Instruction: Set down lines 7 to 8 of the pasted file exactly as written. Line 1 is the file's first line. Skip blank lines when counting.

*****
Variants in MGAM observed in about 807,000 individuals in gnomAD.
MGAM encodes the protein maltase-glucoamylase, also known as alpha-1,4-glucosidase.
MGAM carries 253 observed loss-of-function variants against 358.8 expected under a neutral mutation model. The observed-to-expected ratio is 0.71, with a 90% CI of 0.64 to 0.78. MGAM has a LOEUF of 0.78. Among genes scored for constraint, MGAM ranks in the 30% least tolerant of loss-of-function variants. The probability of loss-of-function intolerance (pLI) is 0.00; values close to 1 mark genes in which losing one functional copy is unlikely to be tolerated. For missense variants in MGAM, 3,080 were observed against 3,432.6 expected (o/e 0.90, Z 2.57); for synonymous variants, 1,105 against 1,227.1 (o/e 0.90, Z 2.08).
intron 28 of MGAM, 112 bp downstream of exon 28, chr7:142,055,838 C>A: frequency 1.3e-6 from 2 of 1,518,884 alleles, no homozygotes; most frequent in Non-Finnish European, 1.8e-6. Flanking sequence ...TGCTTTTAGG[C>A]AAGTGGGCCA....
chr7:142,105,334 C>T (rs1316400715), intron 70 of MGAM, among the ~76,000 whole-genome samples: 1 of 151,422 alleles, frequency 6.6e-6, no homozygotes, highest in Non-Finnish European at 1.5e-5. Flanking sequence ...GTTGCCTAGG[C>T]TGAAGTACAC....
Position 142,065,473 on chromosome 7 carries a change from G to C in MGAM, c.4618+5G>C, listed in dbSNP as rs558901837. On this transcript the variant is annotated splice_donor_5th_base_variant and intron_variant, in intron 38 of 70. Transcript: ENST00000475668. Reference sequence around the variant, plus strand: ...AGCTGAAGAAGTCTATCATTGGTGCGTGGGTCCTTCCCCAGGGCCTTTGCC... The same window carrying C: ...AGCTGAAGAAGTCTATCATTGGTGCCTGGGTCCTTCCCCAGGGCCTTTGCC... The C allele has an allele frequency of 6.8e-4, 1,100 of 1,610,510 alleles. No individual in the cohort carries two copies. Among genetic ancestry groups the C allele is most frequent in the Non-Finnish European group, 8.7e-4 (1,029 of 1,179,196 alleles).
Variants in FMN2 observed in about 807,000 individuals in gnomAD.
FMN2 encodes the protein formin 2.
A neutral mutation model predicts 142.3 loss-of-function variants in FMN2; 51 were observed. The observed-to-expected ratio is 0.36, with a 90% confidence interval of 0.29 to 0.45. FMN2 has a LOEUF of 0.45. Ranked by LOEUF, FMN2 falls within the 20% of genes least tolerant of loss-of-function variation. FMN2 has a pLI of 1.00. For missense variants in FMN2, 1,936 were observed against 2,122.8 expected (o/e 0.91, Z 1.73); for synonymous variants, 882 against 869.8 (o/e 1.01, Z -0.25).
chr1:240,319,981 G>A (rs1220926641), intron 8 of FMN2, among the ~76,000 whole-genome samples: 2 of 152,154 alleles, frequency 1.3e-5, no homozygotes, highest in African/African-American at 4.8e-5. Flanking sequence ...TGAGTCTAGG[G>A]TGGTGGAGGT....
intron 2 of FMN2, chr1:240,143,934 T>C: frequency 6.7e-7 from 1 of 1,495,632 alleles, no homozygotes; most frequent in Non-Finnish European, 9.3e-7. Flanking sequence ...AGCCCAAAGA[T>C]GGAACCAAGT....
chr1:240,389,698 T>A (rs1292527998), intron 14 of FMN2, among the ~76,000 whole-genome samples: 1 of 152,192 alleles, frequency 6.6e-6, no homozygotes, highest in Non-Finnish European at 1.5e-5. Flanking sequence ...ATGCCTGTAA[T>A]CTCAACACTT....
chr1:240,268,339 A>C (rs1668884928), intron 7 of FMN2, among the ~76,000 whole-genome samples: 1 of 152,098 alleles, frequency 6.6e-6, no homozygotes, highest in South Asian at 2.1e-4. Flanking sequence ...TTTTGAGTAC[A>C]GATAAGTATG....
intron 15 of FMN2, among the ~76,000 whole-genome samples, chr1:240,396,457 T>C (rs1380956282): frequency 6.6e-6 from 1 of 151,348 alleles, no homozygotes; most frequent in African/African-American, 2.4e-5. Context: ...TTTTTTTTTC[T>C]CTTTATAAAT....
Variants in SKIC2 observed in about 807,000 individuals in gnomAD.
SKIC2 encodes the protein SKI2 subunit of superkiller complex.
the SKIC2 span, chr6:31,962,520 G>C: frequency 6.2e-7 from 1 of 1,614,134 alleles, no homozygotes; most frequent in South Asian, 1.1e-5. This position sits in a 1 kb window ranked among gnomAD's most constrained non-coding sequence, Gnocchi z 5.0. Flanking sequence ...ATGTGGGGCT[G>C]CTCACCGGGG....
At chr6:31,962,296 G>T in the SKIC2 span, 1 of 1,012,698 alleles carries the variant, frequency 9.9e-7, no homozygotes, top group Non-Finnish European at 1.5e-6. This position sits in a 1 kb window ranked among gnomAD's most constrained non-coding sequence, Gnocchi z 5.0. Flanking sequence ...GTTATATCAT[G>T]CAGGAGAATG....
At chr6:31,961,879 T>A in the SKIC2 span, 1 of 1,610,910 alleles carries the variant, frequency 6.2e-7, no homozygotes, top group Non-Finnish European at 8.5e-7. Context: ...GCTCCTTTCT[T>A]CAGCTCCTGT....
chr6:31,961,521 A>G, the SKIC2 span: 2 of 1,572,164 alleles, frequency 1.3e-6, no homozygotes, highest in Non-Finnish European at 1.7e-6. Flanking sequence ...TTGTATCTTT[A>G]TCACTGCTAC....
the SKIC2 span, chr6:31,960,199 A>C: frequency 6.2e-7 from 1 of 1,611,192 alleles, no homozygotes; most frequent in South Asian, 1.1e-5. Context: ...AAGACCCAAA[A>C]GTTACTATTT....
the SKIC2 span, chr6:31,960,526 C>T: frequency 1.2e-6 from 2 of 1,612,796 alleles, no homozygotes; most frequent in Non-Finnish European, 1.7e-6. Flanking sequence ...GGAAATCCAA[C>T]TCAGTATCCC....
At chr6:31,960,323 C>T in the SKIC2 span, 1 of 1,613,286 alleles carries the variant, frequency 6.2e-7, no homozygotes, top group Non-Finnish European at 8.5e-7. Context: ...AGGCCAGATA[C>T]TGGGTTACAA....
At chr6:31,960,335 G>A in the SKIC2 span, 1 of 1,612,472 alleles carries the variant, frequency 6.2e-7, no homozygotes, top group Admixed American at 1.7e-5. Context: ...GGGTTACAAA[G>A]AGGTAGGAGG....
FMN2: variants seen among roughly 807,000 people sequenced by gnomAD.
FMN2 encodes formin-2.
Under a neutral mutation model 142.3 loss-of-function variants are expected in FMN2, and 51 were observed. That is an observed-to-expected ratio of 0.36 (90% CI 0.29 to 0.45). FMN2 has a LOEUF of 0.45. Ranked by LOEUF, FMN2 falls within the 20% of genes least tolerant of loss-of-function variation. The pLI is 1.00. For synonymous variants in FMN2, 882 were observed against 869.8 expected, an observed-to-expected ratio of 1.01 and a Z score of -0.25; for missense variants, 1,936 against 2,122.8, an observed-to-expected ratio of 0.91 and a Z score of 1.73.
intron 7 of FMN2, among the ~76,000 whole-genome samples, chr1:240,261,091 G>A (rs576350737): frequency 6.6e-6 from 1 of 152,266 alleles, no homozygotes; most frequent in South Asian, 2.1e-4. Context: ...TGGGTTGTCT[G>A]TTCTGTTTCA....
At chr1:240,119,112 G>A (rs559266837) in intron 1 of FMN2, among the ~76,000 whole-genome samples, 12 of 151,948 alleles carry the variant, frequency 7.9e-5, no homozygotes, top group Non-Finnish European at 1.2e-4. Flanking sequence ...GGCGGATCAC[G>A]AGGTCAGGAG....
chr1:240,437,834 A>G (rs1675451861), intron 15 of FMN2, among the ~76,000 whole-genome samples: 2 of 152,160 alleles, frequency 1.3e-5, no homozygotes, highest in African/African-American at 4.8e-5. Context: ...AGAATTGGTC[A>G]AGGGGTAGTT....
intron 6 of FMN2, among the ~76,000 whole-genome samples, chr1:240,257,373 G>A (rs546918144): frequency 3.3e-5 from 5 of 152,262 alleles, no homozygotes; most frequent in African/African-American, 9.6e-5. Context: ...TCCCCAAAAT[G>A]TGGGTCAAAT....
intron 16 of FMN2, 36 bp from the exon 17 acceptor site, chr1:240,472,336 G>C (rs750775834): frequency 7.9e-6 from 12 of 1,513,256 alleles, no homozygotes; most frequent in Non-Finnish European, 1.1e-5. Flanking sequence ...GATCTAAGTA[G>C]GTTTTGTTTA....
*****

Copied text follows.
Variants in FMN2 observed in about 807,000 individuals in gnomAD.
FMN2 encodes the protein formin 2.